Chronic Exposure To Racial Violence News Wears On Black Mental Health, Study Says

New research shows that poorer mental health results from constantly seeing such incidents among African Americans.

Repetitive news about racial violence has a detrimental effect on the mental health of African Americans, a new study says.

Research done by a team of scientists at the University of Utah and published in the journal  Proceedings of the National Academy of Sciences USA shows that Black people are affected by violent episodes even if they are not directly involved, according to Scientific American.
The authors of the study, led by University of Utah assistant professor David Curtis, observed 49 separate incidents of racial violence between 2013 and 2017, which got varying levels of search interest. They including 38 incidents in which a Black person was killed by police and news coverage of decisions against prosecuting police officers involved in killings.

Black respondents to the survey said that at times they had poorer mental health at times when two or more of these incidents happened, but whites did not.

RELATED: Mental Health Experts Say More African Americans Are Seeking Therapy Due To Images Of Police Violence
Many people, like Desmond Ellington were specific about what the constant news content about the killings of Black people by police, like what has seemingly been unending for the past year, and how they are impact emotionally.
“I’m still very aware that it could happen to me,” Ellington, an actor and singer who lives in New York and has toured as part of the cast of the hit Broadway musical Hamilton, told Scientific American. “I have to know how to conduct myself when I’m out. I’m always thinking, ‘Am I walking or standing too close to this person?’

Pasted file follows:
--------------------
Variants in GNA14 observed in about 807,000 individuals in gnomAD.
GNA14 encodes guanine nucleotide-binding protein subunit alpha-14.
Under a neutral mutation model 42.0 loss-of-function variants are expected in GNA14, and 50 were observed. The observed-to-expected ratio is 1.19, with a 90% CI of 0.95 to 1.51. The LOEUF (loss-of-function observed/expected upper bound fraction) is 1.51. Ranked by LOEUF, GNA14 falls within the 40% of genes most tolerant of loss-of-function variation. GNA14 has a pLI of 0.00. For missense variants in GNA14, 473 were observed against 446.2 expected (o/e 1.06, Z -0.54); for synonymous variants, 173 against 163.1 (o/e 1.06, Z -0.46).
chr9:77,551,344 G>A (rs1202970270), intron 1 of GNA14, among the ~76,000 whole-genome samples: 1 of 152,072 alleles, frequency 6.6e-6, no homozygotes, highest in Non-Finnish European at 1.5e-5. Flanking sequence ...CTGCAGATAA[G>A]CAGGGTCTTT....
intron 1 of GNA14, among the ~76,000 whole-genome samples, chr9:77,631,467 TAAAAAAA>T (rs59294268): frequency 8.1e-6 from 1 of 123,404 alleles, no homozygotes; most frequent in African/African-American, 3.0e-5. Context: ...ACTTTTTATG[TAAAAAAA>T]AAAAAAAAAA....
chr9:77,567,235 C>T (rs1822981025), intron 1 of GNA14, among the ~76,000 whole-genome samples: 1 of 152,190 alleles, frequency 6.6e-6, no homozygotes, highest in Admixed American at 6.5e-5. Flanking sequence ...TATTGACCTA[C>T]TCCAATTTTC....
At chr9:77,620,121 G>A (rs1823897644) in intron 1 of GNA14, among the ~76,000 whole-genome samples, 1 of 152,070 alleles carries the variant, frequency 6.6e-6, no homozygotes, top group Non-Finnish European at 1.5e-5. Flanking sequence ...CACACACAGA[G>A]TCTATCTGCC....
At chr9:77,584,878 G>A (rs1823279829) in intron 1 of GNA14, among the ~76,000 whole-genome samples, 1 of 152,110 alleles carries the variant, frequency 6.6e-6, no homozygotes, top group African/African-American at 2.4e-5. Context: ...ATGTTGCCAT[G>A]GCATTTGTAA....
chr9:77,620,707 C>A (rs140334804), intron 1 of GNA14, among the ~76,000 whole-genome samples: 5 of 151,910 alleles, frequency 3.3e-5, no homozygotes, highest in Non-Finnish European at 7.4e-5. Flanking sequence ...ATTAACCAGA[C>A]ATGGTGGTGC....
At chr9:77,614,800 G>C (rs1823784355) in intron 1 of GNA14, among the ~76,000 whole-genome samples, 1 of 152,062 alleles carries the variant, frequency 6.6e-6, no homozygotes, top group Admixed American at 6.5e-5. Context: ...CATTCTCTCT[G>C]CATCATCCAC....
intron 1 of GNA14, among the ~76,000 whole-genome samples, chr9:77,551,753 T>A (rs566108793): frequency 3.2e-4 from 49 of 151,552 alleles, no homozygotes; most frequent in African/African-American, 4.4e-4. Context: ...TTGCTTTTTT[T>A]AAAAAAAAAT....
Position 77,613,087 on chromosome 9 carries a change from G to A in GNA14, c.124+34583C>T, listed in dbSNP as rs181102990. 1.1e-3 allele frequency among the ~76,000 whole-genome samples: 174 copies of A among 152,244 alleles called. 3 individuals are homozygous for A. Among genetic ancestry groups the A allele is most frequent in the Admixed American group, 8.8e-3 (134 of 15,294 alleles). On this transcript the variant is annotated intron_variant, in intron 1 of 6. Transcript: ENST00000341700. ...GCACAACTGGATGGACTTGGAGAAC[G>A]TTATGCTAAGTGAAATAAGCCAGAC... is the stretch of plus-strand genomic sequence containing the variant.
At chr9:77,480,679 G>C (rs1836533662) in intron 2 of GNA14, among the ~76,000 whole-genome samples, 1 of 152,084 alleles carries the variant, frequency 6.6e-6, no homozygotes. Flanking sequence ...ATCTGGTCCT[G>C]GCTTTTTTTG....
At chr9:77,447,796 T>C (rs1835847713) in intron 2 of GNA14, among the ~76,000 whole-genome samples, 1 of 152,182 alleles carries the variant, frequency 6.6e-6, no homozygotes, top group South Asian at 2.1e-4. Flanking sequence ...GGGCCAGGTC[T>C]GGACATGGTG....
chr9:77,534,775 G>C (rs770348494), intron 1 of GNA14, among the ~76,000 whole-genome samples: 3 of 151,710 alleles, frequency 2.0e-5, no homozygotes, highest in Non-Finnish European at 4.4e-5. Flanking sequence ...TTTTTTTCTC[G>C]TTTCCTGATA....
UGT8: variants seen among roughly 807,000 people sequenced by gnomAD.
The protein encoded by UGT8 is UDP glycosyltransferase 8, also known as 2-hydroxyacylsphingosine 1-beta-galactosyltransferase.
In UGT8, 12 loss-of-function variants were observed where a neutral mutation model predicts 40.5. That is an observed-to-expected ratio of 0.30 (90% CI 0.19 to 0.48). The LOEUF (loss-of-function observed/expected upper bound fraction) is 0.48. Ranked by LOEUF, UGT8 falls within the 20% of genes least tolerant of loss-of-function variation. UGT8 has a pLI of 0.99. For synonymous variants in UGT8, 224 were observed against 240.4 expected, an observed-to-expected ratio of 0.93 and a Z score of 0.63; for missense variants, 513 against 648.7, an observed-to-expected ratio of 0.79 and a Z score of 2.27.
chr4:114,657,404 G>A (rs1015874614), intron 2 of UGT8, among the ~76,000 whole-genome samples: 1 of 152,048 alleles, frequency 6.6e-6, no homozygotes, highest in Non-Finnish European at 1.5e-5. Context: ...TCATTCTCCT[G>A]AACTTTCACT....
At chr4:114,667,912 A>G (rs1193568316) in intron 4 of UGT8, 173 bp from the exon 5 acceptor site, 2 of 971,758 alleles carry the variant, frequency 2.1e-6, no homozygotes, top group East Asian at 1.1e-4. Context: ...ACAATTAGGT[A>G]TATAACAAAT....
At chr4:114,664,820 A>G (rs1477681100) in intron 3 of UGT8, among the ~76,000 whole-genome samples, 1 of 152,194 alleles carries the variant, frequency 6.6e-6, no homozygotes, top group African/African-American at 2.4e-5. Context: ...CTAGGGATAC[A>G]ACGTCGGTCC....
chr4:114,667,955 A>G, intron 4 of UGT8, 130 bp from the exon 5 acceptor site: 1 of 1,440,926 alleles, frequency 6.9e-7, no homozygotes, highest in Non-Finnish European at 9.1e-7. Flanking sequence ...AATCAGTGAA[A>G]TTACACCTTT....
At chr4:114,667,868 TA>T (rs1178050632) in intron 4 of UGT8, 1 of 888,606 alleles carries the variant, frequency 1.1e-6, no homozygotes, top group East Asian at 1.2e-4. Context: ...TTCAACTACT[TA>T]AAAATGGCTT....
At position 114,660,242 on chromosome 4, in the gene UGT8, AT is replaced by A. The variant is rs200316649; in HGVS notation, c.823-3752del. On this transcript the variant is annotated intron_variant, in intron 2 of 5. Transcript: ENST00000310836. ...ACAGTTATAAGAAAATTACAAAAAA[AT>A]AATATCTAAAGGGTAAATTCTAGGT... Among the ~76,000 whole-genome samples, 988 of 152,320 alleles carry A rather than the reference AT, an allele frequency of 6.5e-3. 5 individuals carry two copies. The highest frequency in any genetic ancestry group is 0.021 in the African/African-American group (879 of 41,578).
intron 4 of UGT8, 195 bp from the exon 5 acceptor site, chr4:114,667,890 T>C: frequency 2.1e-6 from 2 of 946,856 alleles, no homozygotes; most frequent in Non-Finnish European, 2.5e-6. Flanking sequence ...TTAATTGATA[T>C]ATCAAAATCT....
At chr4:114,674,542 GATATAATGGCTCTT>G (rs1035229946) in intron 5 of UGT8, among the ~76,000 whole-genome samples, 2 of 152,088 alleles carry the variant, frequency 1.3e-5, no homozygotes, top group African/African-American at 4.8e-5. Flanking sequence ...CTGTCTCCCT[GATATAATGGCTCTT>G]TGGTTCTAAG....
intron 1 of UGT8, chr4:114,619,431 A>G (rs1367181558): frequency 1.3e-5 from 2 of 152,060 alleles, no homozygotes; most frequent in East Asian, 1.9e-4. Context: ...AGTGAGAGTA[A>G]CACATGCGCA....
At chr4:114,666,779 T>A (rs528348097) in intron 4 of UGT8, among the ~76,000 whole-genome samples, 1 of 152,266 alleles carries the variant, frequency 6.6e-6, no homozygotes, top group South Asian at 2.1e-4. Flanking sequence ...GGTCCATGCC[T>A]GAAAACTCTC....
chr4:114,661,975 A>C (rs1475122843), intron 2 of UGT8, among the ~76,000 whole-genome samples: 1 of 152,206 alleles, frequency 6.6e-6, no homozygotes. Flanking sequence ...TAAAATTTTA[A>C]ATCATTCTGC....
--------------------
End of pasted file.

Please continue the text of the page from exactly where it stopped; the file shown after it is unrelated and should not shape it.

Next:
“It’s a burden that I have to be in that box so I can get back home to my family. It’s so emotionally and physically draining,” he continued. “You don’t even realize how much until you see another Black man get shot. I think it’s in those moments you realize how much of a burden it is to be Black in America.”
Vanessa Volpe, a North Carolina State University’s Black Health Lab researcher, told Scientific American that the fatigue Black people like Ellington experience could be like wear and tear on an automobile.
“Because exposure to racism is chronic, frequent and can happen at any time, you have to be vigilant to protect yourself,” she said. “Over time, your body is going to experience this wear and tear that will result in much greater rates of morbidity and earlier mortality for Black folks, compared to white people. 

A lot of times, we think, ‘Just get a better car or replace the parking brake,’ but that’s a Band-Aid,” Volpe continued. “What can we do so that Black people don’t even have that exposure in the first place?”
Ellington expounded on what Volpe said by describing his real-time experience as a Black man.
“It gets to the point where you decide, ‘I have to turn off the television because I have my sanity to take care of,’ ” he said. “It’s like a sadness, a hopelessness. Those images just keep coming like weeds. You pick one weed, and two more sprout up. So you gonna set the whole yard on fire to kill the weeds? It wears on your psyche.”

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